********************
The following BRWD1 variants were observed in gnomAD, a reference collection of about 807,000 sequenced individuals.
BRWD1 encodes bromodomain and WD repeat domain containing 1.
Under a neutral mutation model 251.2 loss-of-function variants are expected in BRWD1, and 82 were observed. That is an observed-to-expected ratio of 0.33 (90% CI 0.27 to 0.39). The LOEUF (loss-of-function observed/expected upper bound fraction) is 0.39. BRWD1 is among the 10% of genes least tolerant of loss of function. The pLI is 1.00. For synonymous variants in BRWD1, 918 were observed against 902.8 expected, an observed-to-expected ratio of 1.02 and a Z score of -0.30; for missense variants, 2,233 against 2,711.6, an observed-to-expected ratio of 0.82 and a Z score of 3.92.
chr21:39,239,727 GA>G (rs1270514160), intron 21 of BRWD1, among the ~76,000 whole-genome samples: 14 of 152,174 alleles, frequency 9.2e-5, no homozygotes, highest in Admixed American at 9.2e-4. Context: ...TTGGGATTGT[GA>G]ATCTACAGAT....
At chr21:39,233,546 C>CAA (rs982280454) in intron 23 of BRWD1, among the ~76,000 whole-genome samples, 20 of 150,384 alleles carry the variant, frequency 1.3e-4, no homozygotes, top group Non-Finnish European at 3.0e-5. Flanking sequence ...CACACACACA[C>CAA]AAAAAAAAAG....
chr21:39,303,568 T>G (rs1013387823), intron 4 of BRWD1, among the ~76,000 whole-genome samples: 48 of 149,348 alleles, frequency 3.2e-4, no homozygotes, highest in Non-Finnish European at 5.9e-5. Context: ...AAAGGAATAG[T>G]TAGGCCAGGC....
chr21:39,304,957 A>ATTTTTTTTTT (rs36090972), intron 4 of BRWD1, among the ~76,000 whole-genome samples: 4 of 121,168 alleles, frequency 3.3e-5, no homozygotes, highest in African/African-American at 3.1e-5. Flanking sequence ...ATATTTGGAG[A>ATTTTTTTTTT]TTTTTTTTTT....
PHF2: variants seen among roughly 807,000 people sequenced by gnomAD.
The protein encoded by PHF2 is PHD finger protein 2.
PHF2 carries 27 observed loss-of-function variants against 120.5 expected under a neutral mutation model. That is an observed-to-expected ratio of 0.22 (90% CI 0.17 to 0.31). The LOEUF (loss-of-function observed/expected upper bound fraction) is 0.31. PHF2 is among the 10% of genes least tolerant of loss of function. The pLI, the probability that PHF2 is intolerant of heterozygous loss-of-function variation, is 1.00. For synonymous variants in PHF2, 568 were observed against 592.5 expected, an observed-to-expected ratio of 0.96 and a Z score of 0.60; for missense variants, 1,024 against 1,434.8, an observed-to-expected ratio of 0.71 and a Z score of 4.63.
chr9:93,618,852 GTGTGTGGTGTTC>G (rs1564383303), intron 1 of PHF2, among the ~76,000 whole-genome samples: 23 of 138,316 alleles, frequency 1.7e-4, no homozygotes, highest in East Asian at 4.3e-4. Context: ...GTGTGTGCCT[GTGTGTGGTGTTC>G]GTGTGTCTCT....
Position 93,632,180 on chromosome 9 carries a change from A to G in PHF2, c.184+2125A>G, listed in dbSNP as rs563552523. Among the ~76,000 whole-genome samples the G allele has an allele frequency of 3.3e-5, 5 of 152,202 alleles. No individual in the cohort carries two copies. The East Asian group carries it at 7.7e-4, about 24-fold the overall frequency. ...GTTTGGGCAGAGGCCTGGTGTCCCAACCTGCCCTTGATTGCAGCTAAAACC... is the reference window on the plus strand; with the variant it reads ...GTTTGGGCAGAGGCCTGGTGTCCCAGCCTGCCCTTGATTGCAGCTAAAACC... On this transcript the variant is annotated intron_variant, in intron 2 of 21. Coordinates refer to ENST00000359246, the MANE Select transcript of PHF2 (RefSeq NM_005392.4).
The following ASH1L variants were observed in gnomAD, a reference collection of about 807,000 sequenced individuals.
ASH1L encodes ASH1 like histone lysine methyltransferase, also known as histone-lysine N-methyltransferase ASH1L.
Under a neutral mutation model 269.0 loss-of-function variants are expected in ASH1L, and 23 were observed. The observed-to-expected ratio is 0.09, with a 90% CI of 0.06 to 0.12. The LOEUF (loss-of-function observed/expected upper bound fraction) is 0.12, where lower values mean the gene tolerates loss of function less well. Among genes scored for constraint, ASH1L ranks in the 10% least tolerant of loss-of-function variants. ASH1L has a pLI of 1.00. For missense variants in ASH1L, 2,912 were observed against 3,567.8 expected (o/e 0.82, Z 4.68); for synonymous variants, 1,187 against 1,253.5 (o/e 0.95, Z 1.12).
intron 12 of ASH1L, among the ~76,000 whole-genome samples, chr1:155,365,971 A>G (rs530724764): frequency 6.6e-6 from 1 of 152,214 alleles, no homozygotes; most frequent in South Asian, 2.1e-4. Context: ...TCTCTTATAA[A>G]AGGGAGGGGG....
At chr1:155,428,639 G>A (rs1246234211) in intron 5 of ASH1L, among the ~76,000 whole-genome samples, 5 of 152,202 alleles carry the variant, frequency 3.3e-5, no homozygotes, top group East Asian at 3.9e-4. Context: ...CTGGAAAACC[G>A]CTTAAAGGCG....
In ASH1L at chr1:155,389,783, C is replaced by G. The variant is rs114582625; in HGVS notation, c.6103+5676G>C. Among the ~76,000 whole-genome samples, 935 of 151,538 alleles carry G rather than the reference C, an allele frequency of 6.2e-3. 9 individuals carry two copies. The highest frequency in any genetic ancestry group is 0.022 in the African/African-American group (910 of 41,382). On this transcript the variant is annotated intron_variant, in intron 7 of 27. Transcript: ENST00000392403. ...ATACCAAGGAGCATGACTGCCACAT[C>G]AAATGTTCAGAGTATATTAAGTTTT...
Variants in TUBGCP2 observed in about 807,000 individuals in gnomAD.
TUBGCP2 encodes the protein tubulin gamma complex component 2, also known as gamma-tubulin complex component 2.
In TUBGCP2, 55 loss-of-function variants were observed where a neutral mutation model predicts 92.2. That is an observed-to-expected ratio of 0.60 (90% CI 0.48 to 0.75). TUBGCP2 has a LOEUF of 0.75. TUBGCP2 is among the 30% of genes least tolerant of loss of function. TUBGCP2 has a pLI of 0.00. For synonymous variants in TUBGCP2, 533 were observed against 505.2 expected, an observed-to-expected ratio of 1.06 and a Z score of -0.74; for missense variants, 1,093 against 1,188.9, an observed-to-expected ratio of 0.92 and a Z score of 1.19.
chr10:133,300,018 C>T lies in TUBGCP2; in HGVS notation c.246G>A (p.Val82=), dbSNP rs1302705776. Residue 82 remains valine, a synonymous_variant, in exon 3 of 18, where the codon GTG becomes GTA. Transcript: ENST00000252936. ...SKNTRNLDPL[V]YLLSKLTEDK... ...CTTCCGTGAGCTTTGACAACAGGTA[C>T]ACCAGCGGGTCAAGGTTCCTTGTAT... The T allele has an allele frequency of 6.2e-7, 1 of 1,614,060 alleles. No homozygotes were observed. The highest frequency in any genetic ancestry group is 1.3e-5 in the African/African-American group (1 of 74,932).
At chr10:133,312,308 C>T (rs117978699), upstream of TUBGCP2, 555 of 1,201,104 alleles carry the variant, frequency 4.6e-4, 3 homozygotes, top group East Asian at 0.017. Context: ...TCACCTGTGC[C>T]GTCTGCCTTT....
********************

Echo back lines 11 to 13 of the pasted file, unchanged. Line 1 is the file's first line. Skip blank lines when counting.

chr9:93,618,852 GTGTGTGGTGTTC>G (rs1564383303), intron 1 of PHF2, among the ~76,000 whole-genome samples: 23 of 138,316 alleles, frequency 1.7e-4, no homozygotes, highest in East Asian at 4.3e-4. Context: ...GTGTGTGCCT[GTGTGTGGTGTTC>G]GTGTGTCTCT....
Position 93,632,180 on chromosome 9 carries a change from A to G in PHF2, c.184+2125A>G, listed in dbSNP as rs563552523. Among the ~76,000 whole-genome samples the G allele has an allele frequency of 3.3e-5, 5 of 152,202 alleles. No individual in the cohort carries two copies. The East Asian group carries it at 7.7e-4, about 24-fold the overall frequency. ...GTTTGGGCAGAGGCCTGGTGTCCCAACCTGCCCTTGATTGCAGCTAAAACC... is the reference window on the plus strand; with the variant it reads ...GTTTGGGCAGAGGCCTGGTGTCCCAGCCTGCCCTTGATTGCAGCTAAAACC... On this transcript the variant is annotated intron_variant, in intron 2 of 21. Coordinates refer to ENST00000359246, the MANE Select transcript of PHF2 (RefSeq NM_005392.4).
The following ASH1L variants were observed in gnomAD, a reference collection of about 807,000 sequenced individuals.